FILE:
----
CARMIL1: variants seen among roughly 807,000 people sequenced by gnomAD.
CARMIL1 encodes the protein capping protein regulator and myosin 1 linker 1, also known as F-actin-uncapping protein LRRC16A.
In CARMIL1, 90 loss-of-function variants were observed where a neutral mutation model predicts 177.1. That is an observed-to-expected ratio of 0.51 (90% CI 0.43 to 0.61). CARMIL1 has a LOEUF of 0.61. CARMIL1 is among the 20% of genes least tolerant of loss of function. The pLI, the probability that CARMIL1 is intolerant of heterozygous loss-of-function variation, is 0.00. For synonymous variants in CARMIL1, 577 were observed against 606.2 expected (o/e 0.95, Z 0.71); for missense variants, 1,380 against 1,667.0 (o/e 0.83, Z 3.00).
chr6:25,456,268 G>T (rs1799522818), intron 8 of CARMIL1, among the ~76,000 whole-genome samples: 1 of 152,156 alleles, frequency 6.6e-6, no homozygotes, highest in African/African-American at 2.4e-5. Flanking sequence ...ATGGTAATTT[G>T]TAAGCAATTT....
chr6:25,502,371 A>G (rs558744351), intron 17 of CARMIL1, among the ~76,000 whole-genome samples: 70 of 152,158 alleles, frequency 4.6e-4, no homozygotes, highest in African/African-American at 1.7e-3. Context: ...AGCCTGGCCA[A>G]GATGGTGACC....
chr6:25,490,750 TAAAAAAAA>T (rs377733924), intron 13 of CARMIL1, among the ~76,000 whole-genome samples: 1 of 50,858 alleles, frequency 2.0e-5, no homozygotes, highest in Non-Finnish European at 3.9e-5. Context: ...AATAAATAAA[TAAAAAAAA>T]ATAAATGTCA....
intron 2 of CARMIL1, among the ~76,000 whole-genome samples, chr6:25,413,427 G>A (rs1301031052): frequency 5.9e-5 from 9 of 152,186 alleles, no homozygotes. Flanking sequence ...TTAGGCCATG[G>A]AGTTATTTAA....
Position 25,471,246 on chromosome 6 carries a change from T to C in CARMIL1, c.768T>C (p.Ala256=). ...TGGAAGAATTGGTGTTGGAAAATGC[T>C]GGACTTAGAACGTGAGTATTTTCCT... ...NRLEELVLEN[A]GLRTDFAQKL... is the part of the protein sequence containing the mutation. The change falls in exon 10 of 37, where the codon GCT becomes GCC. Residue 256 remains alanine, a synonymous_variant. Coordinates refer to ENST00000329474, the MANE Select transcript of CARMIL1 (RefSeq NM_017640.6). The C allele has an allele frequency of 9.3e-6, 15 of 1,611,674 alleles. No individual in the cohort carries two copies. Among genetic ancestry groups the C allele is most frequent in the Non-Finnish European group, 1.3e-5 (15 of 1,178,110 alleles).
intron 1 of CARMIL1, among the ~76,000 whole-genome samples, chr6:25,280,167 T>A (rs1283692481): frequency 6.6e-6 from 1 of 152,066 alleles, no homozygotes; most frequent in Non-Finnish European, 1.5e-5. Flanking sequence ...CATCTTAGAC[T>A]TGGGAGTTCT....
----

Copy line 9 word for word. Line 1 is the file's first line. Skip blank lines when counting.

intron 1 of CARMIL1, among the ~76,000 whole-genome samples, chr6:25,280,167 T>A (rs1283692481): frequency 6.6e-6 from 1 of 152,066 alleles, no homozygotes; most frequent in Non-Finnish European, 1.5e-5. Flanking sequence ...CATCTTAGAC[T>A]TGGGAGTTCT....